'We go out rain or shine': Workers cut firewood for elderly, people with disabilities
A day in the life of a group of young people who chop wood for the elderly, people with disabilities and single parents in Naschitti, New Mexico. Farmington Daily Times
NASCHITTI — Tyler James unloaded an ax from his car and asked Naschitti resident Wilhelmina Noble how she wanted her firewood cut, then he got to work chopping the pile of aspen and pine logs.
"We go out rain or shine," said James as gray clouds threatened to bring rain on Jan. 27.
He was hired by the Naschitti Chapter to cut firewood for community members. The service is an effort by the chapter government to help residents who need some extra help to endure the winter weather.
Noble has a son who lives and works in Farmington. During his weekend visits, he cuts wood for Noble and her husband.
He has been under the weather in recent weeks, causing the couple to get by as best they can. With Noble having arthritis in her wrists and concerns about her husband's health, they were grateful the workers stopped by.
"Thank you. Thank you for chopping woods for us," she said while walking by after checking on her livestock.
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Chapter Manager Carissa Wood explained the assistance is open to elderly people, single-parent households and people with disabilities who reside in the community.
Participants are also referred from the community health representative for the Navajo Department of Health.
The chapter hired James, along with Byron Hunt and Faron Tsosie, under the public employment project, a tribal government program that provides short-term employment and job training for chapter residents.
They have been visiting residences to chop firewood throughout January.
"We try to incorporate resources and services through the chapter to help the community and this is one of them that is a high need every year," Wood said.
Giving back to Naschitti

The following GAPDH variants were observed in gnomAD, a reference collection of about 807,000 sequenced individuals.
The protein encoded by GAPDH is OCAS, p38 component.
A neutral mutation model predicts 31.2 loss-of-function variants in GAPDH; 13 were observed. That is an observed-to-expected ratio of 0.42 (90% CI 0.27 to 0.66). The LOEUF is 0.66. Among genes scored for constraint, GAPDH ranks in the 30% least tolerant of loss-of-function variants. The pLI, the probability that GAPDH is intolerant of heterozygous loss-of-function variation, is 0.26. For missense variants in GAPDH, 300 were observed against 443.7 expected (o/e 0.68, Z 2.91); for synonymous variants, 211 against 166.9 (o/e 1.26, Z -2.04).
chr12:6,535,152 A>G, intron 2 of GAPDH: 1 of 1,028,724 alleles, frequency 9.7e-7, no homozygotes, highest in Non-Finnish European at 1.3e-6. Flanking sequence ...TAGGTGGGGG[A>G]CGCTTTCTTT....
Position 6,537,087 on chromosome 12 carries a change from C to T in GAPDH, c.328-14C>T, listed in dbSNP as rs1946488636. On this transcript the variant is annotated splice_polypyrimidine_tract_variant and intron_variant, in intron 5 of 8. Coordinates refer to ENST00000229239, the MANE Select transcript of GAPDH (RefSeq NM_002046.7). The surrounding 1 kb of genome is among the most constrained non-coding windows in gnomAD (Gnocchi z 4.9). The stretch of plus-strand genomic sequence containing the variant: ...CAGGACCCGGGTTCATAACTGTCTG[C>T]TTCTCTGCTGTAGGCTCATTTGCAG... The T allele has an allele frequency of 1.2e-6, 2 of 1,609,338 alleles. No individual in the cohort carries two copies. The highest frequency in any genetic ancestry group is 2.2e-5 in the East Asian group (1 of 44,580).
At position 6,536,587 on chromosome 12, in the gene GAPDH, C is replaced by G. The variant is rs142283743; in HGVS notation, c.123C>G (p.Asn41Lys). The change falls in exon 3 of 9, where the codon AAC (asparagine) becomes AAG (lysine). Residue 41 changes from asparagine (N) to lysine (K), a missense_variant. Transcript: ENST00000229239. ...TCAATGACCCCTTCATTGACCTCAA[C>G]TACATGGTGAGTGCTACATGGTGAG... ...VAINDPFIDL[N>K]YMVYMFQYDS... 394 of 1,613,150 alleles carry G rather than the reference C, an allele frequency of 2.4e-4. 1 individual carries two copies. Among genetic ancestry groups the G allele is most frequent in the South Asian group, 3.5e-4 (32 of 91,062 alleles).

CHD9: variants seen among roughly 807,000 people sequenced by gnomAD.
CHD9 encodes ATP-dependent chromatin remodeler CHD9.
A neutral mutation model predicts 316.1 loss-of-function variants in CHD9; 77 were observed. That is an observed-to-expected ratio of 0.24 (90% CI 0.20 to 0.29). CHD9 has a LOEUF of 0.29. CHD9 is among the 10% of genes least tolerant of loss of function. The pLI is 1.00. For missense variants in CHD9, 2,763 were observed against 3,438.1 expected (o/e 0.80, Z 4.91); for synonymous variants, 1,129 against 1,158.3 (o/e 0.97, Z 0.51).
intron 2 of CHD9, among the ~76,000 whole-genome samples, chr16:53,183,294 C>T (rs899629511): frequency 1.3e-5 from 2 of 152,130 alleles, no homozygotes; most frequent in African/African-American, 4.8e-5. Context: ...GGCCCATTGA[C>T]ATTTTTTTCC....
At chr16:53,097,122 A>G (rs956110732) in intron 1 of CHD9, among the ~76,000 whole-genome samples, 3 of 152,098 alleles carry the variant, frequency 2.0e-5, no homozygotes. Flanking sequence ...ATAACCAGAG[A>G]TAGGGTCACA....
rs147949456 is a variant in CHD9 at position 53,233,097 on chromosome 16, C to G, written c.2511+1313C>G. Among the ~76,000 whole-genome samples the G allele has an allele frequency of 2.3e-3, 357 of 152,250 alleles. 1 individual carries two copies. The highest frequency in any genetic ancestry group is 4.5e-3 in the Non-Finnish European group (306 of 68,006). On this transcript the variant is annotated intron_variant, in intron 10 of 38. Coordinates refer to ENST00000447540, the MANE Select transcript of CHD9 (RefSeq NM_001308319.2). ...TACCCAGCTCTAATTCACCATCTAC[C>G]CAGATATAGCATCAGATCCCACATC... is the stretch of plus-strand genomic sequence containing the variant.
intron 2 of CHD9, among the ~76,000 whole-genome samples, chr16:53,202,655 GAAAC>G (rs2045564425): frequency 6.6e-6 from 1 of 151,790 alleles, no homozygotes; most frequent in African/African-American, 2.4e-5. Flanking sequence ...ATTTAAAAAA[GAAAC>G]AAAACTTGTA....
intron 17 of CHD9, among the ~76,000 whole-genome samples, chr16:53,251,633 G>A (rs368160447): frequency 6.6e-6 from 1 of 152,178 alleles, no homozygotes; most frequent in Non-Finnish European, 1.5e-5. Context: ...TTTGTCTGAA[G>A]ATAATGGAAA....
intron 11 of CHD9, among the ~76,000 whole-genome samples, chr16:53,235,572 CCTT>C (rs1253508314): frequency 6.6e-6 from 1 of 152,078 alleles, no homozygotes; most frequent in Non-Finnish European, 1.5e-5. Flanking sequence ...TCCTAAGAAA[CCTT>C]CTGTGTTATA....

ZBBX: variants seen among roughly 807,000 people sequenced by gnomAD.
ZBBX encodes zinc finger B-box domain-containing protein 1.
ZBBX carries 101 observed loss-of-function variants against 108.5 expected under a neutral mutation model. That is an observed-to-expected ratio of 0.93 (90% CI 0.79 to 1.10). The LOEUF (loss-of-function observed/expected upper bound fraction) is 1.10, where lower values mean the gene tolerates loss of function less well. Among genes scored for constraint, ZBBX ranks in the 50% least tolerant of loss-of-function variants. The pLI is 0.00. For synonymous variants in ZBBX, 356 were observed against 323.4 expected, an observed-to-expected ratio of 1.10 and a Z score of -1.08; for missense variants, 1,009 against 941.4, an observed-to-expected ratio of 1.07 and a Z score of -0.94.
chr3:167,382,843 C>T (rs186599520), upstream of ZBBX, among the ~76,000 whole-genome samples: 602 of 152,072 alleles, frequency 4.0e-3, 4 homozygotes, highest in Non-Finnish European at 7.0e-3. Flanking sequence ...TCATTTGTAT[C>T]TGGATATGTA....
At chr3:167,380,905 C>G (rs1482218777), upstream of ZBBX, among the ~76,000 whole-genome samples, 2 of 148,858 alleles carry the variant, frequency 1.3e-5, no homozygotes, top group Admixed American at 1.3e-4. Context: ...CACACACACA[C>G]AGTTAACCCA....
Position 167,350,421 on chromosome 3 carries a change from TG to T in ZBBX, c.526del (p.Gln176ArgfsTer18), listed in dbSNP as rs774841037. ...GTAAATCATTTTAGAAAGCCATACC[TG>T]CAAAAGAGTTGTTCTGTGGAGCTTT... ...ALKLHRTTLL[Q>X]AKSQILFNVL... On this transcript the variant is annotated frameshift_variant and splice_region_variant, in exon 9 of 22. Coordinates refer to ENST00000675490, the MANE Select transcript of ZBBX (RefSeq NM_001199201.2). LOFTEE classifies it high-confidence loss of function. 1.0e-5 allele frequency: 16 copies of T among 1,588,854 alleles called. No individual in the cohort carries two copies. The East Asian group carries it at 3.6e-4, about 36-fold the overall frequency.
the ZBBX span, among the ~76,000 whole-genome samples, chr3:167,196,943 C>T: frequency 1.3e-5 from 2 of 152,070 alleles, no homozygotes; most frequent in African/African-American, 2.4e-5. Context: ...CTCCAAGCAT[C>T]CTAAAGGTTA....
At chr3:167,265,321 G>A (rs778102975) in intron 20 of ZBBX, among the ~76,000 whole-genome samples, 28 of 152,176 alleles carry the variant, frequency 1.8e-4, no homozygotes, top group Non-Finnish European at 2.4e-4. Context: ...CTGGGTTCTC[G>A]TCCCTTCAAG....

After talking to Noble's husband about where to stack the firewood, James, Hunt and Tsosie continued working until reaching the one-hour limit, then drove to the next residence on their list.
Throughout the day there was banter and teasing comments between the men, but mostly they concentrated on work.
Tsosie said the service is a way to give back to the area where he grew up.
"It's very enjoyable knowing that you're out there helping the elderly, helping people. I'm a people person, so I like going out there helping people," Tsosie said.
For Hunt, the employment is helping him learn more about Naschitti, including visiting with community members who live on Ch'ooshgai Mountain and along the chapter's eastern boundary with Whiterock Chapter.
"I was born and raised here, and I like helping my community," he said.
The overall experience has been good, but there are challenges when dealing with unruly dogs or when rain and melting snow wets the wood.
"If the whole thing is wet and when you hit it, you'll see the juices come up. That's when you have to use a wedge," James said.
'I'm just grateful (for) ... these programs'
Bill Goldtooth lives in a one room house that was built in the early 1960s and located west of U.S. Highway 491.
Goldtooth relies on a wood stove — he estimated it is about 40 years old — but when temperatures fall below 30 degrees and the air drafts from the windows, it is of no use.
"Of course, you have these heaters — electric ones — but there goes your electric bill," he said while gesturing to a nearby electric space heater.
He learned to chop wood when he was either 4 or 5 years old. Now 61, he said the cold weather bothers him when preparing firewood.
"I started really early because my father split. Then there was me, my mom and my brothers and sisters. I'm the oldest one, so I had no choice — survival," he said.
This is the second time the employees have visited Goldtooth's residence.
"I'm just grateful that they have these programs. It helps a little," he said.
Noel Lyn Smith covers the Navajo Nation for The Daily Times. She can be reached at 505-564-4636 or by email at email@example.com.